A Tale Of Two Cities: Religion In Ancient Mexico

It’s generally thought that religion contributed to political and social unification in ancient times, but research in southern Mexico indicates that wasn’t always the case.

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Carved stone slabs from a building on Monte Albán’s Main Plaza show people performing autosacrifice and invoking their ancestors. Credit: Arthur Joyce.
Carved stone slabs from a building on Monte Albán’s Main Plaza show people performing autosacrifice and invoking their ancestors. Credit: Arthur Joyce.

Fall 2016: By Kristin Ohlson.

During the dry season, when they weren’t tending their crops, thousands of people left their villages in what is now the Río Verde Valley in the Mexican state of Oaxaca and headed towards Río Viejo, a larger community situated near the Verde River and the Pacific Ocean. Beginning around A.D. 50, they built what would become one of the largest structures in all of prehispanic Oaxaca: a massive earth-and-stone acropolis the size of seven football fields. It rose some twenty feet above the surrounding plain and supported two structures more than fifty-feet high.

Archaeologists Arthur Joyce of the University of Colorado Boulder and Sarah Barber of the University of Central Florida have uncovered the distinct construction styles of at least five work groups at the acropolis who are thought to have hailed from different villages. Someone had clearly succeeded in forging alliances and winning allegiances within the region, marshaling the kind of labor needed to build this magnificent structure.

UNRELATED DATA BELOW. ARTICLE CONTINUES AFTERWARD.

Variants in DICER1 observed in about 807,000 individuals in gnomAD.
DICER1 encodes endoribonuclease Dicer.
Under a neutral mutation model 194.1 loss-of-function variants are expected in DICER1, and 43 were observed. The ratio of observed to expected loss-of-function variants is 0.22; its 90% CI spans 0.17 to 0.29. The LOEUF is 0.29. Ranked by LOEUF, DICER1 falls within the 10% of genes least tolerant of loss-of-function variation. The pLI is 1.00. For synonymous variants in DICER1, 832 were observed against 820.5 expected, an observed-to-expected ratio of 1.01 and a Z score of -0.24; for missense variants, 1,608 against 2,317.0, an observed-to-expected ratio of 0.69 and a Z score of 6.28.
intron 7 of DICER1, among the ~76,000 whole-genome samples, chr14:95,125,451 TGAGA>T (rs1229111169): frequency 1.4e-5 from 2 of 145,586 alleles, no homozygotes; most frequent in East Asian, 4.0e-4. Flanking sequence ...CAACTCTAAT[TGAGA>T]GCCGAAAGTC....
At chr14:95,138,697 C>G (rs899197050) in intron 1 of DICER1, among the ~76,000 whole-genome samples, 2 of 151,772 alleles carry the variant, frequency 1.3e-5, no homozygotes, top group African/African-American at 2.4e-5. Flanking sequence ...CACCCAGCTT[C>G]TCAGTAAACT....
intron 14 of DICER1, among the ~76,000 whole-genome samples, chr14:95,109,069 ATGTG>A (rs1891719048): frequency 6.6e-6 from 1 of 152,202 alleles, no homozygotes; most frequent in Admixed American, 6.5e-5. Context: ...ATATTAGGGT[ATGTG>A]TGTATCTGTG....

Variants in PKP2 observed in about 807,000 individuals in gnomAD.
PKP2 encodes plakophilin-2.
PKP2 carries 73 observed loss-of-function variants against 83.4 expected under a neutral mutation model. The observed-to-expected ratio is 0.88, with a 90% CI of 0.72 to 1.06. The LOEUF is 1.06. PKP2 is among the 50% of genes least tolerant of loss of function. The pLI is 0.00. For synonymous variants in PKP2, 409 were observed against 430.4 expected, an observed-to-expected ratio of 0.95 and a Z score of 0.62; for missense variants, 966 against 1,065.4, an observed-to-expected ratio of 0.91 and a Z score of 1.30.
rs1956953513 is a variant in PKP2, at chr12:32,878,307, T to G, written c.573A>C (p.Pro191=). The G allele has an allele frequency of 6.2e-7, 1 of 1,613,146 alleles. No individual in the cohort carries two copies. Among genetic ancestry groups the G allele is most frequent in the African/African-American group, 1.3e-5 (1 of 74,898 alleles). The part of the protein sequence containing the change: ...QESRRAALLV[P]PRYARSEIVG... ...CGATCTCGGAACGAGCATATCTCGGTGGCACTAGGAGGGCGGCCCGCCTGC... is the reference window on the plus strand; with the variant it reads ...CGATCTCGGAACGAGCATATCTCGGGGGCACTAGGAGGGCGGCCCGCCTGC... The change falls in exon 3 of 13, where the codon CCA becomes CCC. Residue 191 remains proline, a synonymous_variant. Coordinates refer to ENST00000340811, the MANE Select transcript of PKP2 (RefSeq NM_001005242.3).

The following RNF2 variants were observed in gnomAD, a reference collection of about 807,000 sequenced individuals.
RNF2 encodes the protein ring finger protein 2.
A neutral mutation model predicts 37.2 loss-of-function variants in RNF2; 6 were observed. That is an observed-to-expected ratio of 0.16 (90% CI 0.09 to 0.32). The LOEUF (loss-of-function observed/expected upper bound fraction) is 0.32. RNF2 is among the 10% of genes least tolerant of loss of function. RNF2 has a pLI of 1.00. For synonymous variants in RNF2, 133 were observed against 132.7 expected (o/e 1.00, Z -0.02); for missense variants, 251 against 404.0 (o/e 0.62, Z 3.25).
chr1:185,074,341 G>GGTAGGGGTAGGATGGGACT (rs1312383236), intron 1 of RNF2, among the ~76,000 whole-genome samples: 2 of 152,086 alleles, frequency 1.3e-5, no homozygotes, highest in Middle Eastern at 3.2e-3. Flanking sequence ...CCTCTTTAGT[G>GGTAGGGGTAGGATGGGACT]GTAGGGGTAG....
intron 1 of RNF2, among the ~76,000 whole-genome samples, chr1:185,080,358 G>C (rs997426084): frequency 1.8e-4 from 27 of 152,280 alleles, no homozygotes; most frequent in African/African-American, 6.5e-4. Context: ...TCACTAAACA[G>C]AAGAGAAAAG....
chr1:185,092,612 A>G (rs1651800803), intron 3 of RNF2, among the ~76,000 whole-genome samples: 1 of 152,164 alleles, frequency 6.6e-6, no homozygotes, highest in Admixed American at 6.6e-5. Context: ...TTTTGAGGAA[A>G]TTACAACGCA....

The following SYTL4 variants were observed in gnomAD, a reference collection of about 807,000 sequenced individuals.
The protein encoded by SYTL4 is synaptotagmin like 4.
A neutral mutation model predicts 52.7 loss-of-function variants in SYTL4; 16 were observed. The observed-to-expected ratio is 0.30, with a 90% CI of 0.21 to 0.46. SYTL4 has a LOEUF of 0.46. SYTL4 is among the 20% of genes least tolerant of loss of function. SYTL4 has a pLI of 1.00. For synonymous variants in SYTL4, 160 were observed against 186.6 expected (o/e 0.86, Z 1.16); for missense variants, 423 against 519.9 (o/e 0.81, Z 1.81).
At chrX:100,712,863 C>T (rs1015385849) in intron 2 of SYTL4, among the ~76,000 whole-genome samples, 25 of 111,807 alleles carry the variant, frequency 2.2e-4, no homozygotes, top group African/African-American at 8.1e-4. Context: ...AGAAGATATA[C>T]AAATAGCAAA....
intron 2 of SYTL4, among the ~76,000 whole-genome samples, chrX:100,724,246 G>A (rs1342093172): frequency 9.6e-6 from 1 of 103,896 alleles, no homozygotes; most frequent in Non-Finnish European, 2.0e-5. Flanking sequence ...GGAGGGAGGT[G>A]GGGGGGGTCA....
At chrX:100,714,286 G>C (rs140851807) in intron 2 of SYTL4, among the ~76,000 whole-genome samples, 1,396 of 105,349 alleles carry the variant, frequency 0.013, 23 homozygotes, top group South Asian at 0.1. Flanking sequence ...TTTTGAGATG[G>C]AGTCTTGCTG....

But their power waned quickly. Other Mesoamerican urban centers with monumental architecture on Río Viejo’s scale—such as Monte Albán in the Valley of Oaxaca, now a day’s drive from Río Viejo—became regional sites of great power and authority that lasted many centuries. However, Río Viejo dwindled into obscurity in 100 years. Joyce and Barber’s investigations have led them to a surprising conclusion as to why. In the Río Verde Valley, they argue, vibrant religious practices in the villages—especially communal burials of the dead under the floors of public buildings—rooted people to the villages and prevented Río Viejo’s elites from consolidating power in the urban center.

Summary. Read More in our Fall 2016 Issue of American Archaeology, Vol. 20 No. 3. Browse Content of this Issue: Fall 2016.

Browse Articles Summaries from our last issue, Summer 2016 .

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